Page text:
Democracy is a quarterly journal of progressive and liberal politics, as well as culture, founded by Kenneth Baer and Andrei Cherny in 2006. While new, Democracy is intended to be the progressive/liberal answer to such prominent and influential conservative journals as The Public Interest, Policy Review, Commentary, and The National Interest. Baer and Cherny state in a message to readers in the first issue that they intend to "regenerate the strength of the progressive movement" with "big ideas." Contrasting themselves with National Review's William F. Buckley, Baer and Cherny proclaim their journal will "stand athwart history and yell, Forward!" The editors put forward Democracy as "a place where ideas can be developed and important debates can be spurred" at a "time when American politics has grown profoundly unserious."
Baer told The Hill “We think that the party is rich in tactics and poor in ideas. What we really need for long-term success is deep, serious thinking about how we’re going to apply long-held progressive values to new challenges.”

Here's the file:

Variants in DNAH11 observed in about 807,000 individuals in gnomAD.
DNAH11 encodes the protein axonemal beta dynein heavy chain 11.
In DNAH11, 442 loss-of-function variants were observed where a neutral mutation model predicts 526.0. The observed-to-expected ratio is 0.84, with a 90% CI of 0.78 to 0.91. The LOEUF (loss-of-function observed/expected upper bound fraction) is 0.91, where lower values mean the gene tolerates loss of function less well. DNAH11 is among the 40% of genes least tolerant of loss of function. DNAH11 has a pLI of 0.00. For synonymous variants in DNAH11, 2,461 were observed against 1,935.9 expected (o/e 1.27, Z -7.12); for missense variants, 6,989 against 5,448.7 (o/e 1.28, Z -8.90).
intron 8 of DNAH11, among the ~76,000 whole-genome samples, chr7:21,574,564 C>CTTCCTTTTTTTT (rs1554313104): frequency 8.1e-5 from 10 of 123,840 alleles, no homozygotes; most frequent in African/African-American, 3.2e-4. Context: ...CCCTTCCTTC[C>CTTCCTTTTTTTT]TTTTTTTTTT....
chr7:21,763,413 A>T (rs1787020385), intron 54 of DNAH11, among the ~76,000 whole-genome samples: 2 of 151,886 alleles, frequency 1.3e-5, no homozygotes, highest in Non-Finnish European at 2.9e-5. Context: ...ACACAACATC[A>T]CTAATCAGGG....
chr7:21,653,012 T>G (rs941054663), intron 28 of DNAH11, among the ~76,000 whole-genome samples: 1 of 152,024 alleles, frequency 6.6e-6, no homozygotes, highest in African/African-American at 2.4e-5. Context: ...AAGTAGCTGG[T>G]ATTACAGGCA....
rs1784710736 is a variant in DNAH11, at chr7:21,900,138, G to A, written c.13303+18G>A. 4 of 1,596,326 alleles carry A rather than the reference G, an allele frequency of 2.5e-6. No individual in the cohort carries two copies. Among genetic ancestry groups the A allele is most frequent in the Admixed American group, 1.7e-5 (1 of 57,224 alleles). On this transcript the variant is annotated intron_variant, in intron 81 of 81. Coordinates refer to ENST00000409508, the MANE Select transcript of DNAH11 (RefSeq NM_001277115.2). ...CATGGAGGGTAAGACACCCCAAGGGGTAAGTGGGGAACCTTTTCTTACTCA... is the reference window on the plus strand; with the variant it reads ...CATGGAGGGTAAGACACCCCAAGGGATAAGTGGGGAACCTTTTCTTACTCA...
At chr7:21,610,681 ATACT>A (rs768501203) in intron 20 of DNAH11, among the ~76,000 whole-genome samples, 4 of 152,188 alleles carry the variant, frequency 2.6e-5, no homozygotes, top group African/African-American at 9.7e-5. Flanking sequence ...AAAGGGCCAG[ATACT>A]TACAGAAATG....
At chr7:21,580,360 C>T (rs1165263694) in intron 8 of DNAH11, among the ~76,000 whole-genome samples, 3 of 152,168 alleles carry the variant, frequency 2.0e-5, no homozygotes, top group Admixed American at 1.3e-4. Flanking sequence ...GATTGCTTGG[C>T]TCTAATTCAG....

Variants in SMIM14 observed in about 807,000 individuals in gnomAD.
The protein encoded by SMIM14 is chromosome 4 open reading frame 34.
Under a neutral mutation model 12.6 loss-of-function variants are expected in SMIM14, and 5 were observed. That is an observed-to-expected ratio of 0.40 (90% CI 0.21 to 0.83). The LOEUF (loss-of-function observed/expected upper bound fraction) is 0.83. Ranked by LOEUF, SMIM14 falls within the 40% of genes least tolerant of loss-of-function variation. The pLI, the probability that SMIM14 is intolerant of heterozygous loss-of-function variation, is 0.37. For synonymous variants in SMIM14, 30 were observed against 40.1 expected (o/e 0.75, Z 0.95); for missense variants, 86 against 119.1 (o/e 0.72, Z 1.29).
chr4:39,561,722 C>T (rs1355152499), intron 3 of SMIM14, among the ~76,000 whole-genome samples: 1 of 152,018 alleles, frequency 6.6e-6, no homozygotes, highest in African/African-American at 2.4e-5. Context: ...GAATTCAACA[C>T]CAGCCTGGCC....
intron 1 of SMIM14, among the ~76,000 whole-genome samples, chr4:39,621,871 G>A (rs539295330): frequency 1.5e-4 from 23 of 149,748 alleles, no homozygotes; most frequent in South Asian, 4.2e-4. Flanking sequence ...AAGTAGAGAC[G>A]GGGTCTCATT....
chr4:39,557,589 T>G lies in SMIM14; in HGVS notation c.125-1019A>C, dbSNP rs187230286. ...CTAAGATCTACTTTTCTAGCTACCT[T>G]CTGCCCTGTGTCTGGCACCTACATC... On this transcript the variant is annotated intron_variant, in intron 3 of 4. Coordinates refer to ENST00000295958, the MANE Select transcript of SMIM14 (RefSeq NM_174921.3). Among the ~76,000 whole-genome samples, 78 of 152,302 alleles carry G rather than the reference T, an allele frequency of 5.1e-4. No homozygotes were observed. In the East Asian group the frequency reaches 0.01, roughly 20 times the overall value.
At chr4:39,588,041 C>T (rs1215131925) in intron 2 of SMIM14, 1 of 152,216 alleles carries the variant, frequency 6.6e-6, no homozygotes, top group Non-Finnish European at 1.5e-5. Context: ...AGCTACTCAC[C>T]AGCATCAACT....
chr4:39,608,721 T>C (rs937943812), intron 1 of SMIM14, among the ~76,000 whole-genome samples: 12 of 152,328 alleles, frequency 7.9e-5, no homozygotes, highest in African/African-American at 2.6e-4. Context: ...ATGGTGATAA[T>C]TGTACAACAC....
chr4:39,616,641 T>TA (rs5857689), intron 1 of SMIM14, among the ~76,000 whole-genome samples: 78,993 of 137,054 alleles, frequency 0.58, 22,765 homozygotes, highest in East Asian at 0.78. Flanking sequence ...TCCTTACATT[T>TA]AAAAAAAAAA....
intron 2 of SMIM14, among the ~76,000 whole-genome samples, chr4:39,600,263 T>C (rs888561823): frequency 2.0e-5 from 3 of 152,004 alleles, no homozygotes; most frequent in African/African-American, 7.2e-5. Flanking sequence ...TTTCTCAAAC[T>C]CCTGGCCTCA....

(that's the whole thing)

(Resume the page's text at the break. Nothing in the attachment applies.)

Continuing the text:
Cherny added “I had started thinking about where all of the conservative ideas, for better or worse, had come from. Every big idea — Social Security privatization, supply-side economics, preemption, faith-based initiatives — had come out of one of their journals in their intellectual infrastructure.”
In an editorial for the Los Angeles Times on July 10, 2006, Baer and Cherny laid out a case for making a break with what they characterized as the "ad hoc approach to politics" they claim the current Democratic Party is engaged in.
On March 3, 2009 Michael Tomasky replaced Kenneth Baer as editor when Baer left to become associate director of the White House Office of Management and Budget.